Man hired to harass debtors jailed for cheating loanshark instead

Wan Ting Koh
·Reporter
·2-min read
Arrested man with handcuffed hands behind back
Man in handcuffs. (PHOTO: Getty Images)

SINGAPORE — A man engaged by a loanshark to carry out harassment acts in exchange for money formed a plan to cheat the unlicensed moneylender instead.

Muhammad Khairul Ismail, 34, would take a video of the alleged acts of harassment on debtors’ home doors before returning the doors to their original condition. He would then send the video to the loanshark, called “Lucas” in court documents, to deceive him that the acts were done.

Khairul was jailed for 11 days and fined $1,000 on Wednesday (6 June) after he pleaded guilty to one count of cheating and one separate count of gambling using remote communication from December 2019 to February last year.

Two other incidents where Khairul also cheated the loanshark in the same manner was taken into consideration for sentencing.

False video evidence

In November 2019, Khairul came across a job offer by an unlicensed moneylender known to him as “Lucas”. As part of the offer, he was tasked to lock the gates of various debtors in exchange for cash.

Apart from that, Khairul agreed to paste debtor’s notes on their doors, record the acts, and then send the videos to “Lucas” as proof that he had completed his tasks. In exchange, “Lucas” promised to pay him an amount ranging from $100 to $120 for each job that Khairul completed.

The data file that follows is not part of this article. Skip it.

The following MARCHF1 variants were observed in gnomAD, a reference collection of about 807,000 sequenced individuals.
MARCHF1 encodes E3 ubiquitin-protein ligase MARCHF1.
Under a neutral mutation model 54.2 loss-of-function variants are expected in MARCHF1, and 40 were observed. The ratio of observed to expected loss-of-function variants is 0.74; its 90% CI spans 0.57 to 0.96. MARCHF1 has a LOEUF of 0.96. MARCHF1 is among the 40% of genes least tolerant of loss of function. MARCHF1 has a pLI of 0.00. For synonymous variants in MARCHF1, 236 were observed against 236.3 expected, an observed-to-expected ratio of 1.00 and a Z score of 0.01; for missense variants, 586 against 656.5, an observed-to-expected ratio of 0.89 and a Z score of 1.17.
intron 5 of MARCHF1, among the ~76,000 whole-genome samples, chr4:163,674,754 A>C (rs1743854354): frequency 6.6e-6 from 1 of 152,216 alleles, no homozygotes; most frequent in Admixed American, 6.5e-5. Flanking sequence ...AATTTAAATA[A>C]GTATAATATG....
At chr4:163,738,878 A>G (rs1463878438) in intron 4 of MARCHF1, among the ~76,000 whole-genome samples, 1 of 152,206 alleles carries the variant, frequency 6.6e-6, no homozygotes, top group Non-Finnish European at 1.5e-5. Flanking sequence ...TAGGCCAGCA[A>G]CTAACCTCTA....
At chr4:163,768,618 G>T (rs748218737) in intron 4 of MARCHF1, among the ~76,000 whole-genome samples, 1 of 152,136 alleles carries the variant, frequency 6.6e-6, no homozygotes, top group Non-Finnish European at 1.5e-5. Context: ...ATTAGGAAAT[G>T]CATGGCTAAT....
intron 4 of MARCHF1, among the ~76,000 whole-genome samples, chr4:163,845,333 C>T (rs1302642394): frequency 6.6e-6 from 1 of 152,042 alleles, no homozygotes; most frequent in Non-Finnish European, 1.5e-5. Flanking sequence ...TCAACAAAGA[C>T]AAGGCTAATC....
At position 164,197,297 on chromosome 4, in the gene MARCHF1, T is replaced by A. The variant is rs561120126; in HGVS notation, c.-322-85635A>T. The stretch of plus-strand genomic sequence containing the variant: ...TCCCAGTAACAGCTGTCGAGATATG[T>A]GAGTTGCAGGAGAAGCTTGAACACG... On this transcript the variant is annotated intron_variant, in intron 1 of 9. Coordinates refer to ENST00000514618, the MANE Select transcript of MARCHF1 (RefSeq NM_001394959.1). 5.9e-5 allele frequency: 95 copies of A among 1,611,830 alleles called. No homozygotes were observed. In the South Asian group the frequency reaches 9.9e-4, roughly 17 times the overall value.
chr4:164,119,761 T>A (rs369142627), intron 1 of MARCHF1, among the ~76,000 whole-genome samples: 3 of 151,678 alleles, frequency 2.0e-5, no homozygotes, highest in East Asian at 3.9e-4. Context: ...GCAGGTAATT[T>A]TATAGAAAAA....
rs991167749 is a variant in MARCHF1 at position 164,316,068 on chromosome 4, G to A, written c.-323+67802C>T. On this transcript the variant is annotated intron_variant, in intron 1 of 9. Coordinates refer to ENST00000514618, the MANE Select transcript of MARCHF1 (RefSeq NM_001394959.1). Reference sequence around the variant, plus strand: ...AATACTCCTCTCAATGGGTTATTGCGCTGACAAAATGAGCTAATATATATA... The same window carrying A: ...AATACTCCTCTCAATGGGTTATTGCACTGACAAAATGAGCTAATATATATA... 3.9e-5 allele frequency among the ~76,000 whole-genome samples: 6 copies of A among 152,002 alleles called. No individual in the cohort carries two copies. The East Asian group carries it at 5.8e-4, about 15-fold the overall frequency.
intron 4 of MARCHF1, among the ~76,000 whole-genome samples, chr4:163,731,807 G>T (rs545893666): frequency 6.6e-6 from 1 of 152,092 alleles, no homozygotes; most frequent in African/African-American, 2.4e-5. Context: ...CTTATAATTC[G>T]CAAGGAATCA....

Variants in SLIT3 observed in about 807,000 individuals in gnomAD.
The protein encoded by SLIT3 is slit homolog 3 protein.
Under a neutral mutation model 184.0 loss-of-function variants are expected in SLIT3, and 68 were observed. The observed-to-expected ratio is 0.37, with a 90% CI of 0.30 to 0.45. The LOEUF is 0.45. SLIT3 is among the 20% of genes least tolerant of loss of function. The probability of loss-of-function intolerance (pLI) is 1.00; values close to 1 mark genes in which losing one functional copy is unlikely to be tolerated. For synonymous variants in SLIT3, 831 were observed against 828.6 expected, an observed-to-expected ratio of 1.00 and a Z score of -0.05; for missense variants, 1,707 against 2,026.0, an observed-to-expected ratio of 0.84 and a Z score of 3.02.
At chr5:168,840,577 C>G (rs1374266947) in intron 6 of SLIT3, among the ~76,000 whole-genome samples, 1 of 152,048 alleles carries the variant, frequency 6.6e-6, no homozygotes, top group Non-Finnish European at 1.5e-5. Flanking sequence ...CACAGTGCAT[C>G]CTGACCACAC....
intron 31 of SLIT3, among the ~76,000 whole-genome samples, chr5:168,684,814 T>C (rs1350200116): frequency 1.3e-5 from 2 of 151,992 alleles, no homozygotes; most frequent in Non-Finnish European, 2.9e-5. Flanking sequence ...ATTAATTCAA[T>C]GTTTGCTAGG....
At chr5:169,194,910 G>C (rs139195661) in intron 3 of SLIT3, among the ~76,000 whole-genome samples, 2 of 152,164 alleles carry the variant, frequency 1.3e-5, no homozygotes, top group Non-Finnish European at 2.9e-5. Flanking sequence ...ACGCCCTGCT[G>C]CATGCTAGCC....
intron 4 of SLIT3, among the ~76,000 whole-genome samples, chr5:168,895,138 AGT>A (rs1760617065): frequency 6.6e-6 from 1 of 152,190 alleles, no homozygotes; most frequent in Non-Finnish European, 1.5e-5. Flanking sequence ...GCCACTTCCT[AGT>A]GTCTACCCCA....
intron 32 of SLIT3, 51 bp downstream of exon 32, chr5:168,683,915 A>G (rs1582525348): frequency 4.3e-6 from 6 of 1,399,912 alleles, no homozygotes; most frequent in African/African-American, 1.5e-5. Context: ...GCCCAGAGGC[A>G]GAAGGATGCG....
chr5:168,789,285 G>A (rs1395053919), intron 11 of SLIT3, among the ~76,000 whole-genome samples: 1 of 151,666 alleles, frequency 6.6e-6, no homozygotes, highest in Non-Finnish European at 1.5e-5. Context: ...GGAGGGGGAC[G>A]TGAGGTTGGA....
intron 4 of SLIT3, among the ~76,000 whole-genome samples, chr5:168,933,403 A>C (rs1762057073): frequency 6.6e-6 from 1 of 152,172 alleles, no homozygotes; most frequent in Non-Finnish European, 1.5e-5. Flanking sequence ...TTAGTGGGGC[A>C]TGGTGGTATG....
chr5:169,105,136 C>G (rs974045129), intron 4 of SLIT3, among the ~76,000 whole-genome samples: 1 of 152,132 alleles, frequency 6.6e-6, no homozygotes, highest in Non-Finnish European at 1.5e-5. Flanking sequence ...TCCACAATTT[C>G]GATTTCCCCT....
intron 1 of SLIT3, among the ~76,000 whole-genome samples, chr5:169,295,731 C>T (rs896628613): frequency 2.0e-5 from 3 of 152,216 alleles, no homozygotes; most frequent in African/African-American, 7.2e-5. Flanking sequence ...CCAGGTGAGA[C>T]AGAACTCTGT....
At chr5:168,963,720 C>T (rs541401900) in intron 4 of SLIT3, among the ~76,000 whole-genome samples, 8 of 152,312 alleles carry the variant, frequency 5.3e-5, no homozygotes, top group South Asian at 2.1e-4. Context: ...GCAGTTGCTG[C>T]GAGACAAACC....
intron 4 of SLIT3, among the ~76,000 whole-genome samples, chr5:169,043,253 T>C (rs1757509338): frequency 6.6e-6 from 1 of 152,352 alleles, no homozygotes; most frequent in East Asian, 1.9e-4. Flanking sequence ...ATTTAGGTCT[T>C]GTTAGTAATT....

Around 10 December 2019, “Lucas” sent instructions to Khairul to lock up a debtor’s unit with a chain. “Lucas” also instructed him what to write in the debtor’s note, which Khairul was supposed to paste on the debtor’s door.

Khairul carried out these instructions on 10 December 2019. He locked the debtor’s gate with two bicycle locks and affixed a debtors note onto one of the locks so as not to damage the gate.

He then took a video of the act before removing the lock and note, leaving the gate in its original form. He then sent the video he had taken to “Lucas”. The loanshark transferred him $120 for the act.

The police were alerted to the case when “Lucas” forwarded the videos to the debtors. “Lucas’” identity has not been established.

Separately, Khairul used a mobile application to gamble between December 2019 and February 2020 by messaging several agents via WhatsApp. He would transfer money to the bank account number given to him by these agents.

He placed bets amounting to at least $1,120.25.

In mitigation, Khairul told the court that he had learned from his mistake and felt remorseful.

“I assure you in court today I will not repeat any of these actions ever again,” he said.

Khairul has appealed against his sentence and is currently out on bail.

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